Spring is a time for wondering about things: When will the tulips come up? What will summer camp be like? How many miles can I do on my bike before it snows again? Will the rhubarb come back this season?
Every spring I wonder if there will be baseball in heaven. If there will be baseball then there will be those we love and they will have bodies. If there will be baseball then there will be burgers and beer and soft pretzels drenched in butter. There will be ice-cream. If there will be baseball then there will be movement, speed and grace. There will be the luster of grass and sunshine. If there will be baseball then there will be agriculture and music. There will be the fabric and plastic arts. If there will be baseball then there will be nature and culture, story and statistic, spectacle and minutia. Baseball includes the world. It even includes cats, Detroit’s mascot is a tiger. Read more
One of the more persistent topics that has come up in and around the church is about the nature of faith. What is it? Can we lose it? Is it contagious? Over the years I’ve found myself coming back to a couple of key points: 1) faith isn’t about being absolutely sure, it’s about faithfulness; and 2) in many aspects of our lives we carry on even though we don’t know for sure. Those two points open up a host of new questions, but I think they also shift our view of faith away from the impossible ideal of having everything figured out and away from the notion that religious faith is wildly contrary to how we usually live. Here’s a link to a message from Greg Boyd of Woodland Hills on the topic: http://whchurch.org/blog/11599/rediscover-faith (ignore the initial promo, or not, it’s your call). He gets at this pretty well. I’m generally skeptical of famous pastors but I confess a soft spot for Anabaptists like Boyd who risk a lot for an unpopular peace witness.
There is a tradition within both Christian and Jewish theology of saying that God doesn’t exist. Sounds provocative, doesn’t it—God doesn’t exist? God doesn’t exist, it is said, in the sense that existence is a property of things. A building exists, your thoughts exist, but both of these share in the sense that they have been caused and that they are part of the created order. God by definition is different. God doesn’t share those things. So, it can be argued, God doesn’t exist. Which isn’t to say that God is not; rather, it’s to say that God simply is. Those things that do exist do so within the is-ness of God. Think about it again; it isn’t as provocative or as complicated as it seems at first.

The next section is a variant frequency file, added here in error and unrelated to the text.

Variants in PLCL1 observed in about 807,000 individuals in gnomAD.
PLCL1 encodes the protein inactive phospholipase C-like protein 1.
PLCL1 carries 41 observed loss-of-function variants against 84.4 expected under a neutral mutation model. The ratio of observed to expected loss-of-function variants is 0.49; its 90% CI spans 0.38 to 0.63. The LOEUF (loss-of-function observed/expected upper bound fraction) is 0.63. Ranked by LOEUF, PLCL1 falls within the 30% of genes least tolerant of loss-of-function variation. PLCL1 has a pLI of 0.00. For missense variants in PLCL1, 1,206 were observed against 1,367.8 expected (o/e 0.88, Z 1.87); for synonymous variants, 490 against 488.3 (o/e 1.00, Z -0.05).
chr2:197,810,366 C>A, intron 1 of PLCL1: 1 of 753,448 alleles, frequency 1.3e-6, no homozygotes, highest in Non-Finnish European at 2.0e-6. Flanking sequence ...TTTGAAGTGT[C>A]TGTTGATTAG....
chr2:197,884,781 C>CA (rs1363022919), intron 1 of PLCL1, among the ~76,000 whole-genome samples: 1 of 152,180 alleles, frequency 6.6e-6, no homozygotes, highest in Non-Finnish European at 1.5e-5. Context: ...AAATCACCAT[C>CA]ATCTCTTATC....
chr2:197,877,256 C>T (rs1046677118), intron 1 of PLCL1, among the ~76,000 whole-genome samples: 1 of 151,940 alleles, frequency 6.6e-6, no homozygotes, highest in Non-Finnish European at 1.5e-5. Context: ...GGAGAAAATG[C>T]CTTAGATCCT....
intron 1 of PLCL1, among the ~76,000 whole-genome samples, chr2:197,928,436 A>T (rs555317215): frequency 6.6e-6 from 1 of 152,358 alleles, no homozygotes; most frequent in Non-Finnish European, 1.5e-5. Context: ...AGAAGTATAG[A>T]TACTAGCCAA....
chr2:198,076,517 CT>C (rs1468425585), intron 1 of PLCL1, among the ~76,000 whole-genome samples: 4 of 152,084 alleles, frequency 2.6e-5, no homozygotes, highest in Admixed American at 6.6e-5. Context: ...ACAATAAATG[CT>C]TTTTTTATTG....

Here’s my reason for starting with this bit of philosophy: much of the book of Revelation can have a similar effect. Just as this thought about God’s non-existence can broaden our understanding of what we mean when we say ‘God’, so can the imagery and the liturgy of the book of Revelation. However, this happens bests when we realize that we’re encountering imaginative images, scenes that strain to bear witness to the truth, not photographs of God or video of the future. A Lamb slaughtered, a God who does not exist: we realize our view of God is too small.
Our Father who art in heaven, hallowed be thy name. Thy kingdom come, thy will be done, on earth as it is in heaven. . . . I’m sure you recognize these lines, the first two sentences of the Lord’s Prayer. The text I want to draw our attention to comes from the book of Revelation (2:4-8). We could say that the whole book of Revelation fits into that second sentence of the Lord’s Prayer: “Thy kingdom come, thy will be done, on earth as it is in heaven.” The New Testament book of Revelation was written near the end of the first century, we believe, by John of Patmos. At the core of this book is a description, a series of vivid images, representing how we go from here to there: from here, a world ruled by force and self-interest, to there, God’s kingdom on earth as it has always been in heaven. Read more